The St. Paul, Minnesota police department has placed an officer on administrative leave after putting up a Facebook post in response to an upcoming Black Lives Matter protest, telling drivers to “run them over.”
The message detailed what drivers could do to avoid being charged with a crime should they hit someone during a Martin Luther King Day march Monday (January 18, 2016) on the Lake Street-Marshall Avenue Bridge that links the Twin Cities of St. Paul and Minneapolis.
“Run them over. Keep traffic flowing and don’t slow down for any of these idiots who try and block the street. Here is the deal, you continue to drive and if you hit someone make sure you call 911 to report the accident and meet the cops a block or two away and you can justify stopping further away because you feared for your safety since in the past people in this group has shown [sic] a propensity towards violence. Since they are trying to block the street and/or cross where there is no crossing you should not be charged with anything. Now, these idiots could try and sue you in civil court, but remember that it will be jury trial and so most likely it will come out in your favor.”
It was Andrew Henderson, of the police-watch group Minnesota Cop Block, who noticed the comment from a “JM Roth” early Saturday morning and reported it to St. Paul police. He filed an internal affairs complaint Sunday (January 17, 2015), naming Sgt. Jeffrey M. Rothecker as the accused.
Henderson met with St. Paul police on Sunday to formally file a complaint. It was during this meeting that he presented police with a disc containing other screen shots showing that Rothecker is, in fact, JM Roth. Henderson also claims to have found Rothecker’s marriage license and has screen shots of his wife’s Facebook page listing JM Roth as her husband.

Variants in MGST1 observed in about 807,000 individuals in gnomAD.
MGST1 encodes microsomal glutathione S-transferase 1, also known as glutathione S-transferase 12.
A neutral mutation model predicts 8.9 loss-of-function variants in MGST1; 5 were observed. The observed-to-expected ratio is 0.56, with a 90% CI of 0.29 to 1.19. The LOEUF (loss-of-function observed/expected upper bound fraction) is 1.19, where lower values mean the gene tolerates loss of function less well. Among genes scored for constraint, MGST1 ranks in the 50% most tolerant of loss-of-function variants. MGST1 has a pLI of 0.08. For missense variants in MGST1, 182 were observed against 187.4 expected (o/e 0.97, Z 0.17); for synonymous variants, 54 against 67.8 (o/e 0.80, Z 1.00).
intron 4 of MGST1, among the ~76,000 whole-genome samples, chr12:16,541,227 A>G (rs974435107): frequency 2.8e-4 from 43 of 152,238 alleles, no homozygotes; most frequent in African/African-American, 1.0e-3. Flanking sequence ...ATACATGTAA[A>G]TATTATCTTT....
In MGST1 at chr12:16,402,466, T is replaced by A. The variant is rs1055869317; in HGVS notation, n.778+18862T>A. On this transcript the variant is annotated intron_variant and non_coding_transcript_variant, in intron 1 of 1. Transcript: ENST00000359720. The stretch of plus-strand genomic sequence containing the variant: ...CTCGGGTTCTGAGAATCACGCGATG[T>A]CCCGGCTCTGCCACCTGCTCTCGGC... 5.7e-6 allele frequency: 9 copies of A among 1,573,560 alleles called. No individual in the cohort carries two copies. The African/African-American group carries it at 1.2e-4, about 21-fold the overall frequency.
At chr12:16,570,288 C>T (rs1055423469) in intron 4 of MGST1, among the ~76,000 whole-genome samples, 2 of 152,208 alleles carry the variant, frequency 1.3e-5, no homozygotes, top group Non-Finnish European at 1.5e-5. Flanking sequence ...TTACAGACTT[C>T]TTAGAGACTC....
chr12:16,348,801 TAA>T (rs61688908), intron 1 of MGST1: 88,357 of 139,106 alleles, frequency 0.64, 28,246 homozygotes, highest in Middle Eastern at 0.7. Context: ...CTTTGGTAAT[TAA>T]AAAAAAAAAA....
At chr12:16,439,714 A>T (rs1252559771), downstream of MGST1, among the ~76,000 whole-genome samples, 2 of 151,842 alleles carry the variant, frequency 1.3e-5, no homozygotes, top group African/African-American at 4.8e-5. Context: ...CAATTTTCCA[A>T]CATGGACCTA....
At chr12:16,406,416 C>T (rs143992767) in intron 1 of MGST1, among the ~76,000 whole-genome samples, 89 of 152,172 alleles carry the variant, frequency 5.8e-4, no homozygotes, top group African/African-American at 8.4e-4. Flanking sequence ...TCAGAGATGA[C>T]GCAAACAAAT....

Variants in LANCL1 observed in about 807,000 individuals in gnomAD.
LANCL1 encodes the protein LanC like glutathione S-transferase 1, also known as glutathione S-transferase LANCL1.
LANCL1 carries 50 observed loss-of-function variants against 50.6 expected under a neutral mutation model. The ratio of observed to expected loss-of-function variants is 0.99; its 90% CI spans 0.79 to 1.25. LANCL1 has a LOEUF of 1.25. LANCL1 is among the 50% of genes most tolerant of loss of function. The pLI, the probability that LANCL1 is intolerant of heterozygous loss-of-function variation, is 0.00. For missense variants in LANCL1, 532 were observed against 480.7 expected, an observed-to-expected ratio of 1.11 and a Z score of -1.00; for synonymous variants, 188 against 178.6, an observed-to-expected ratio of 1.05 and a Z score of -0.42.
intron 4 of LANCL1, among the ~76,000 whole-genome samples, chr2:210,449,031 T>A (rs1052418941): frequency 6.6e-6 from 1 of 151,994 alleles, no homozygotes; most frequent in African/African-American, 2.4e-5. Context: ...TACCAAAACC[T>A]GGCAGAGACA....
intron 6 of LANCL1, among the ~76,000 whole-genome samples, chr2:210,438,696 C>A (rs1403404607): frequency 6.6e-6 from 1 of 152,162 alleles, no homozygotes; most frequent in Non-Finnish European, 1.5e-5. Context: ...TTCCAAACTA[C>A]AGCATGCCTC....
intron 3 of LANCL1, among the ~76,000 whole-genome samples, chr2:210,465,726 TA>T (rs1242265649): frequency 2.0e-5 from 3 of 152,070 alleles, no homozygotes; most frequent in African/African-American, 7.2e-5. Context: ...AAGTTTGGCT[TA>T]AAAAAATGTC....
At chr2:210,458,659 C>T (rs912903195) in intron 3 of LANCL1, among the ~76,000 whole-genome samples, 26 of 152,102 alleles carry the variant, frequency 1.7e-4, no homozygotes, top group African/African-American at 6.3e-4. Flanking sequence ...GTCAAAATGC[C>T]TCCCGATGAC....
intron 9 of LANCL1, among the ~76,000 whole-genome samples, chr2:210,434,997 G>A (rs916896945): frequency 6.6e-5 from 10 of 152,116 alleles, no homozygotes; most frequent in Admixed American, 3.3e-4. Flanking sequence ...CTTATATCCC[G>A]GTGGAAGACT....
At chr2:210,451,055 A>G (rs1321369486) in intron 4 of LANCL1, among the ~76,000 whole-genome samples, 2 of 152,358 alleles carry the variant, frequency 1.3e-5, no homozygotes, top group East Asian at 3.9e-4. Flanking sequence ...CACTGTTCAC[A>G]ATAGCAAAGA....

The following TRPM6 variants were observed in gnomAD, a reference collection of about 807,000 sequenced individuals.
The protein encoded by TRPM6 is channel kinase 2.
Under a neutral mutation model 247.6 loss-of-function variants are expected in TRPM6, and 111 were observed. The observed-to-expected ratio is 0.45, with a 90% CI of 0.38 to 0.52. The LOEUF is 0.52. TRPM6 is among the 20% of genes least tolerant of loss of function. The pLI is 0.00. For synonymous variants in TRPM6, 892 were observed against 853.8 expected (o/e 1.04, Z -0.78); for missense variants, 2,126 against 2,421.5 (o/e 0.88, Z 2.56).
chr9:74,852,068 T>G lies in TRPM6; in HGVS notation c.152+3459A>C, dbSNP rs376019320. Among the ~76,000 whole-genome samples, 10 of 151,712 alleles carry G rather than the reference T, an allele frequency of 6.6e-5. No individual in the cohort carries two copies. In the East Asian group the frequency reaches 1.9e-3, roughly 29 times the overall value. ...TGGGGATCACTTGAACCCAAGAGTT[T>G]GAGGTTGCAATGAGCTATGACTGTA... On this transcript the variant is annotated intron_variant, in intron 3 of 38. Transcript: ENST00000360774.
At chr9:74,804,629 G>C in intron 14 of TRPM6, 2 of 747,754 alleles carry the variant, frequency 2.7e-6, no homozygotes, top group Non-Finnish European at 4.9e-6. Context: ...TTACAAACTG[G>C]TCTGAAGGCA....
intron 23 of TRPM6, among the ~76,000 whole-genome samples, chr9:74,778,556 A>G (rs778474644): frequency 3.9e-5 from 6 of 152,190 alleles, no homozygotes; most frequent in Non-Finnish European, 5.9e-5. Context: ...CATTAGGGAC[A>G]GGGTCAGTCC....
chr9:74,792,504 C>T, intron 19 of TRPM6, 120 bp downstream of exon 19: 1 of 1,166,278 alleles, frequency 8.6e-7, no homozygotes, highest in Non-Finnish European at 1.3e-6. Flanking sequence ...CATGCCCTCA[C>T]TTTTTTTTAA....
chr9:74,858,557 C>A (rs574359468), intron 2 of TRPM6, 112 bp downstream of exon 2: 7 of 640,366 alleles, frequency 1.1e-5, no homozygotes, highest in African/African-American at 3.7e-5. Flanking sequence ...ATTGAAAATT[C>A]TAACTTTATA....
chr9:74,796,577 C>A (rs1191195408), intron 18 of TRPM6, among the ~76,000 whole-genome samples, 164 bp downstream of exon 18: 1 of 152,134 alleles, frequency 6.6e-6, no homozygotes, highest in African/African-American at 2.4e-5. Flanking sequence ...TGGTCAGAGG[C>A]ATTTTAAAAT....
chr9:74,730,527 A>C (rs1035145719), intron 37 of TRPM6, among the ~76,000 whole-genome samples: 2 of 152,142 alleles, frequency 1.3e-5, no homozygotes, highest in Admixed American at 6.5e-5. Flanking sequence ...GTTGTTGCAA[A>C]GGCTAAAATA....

“It’s really concerning to me that someone would encourage violence on a day celebrating a man who taught peace,” Andrew Henderson told CBS Minnesota.
St. Paul Mayor Chris Coleman stated he was “outraged and disgusted” and he has “directed the SPPD to investigate.”
“There’s no room in the St. Paul Police Department for employees who threaten members of the public,” Coleman began. “If the allegation is true, we will take the strongest possible action allowed under law.”
The St. Paul police department has also released a statement, assuring an active investigation is pending in regard to the matter.
“We are aware of the concerns surrounding the comment posted on Facebook and are actively investigating. The statement is offensive, disappointing, concerning and does not reflect in any way—or align with—the views, values and practices of the Saint Paul Police Department.”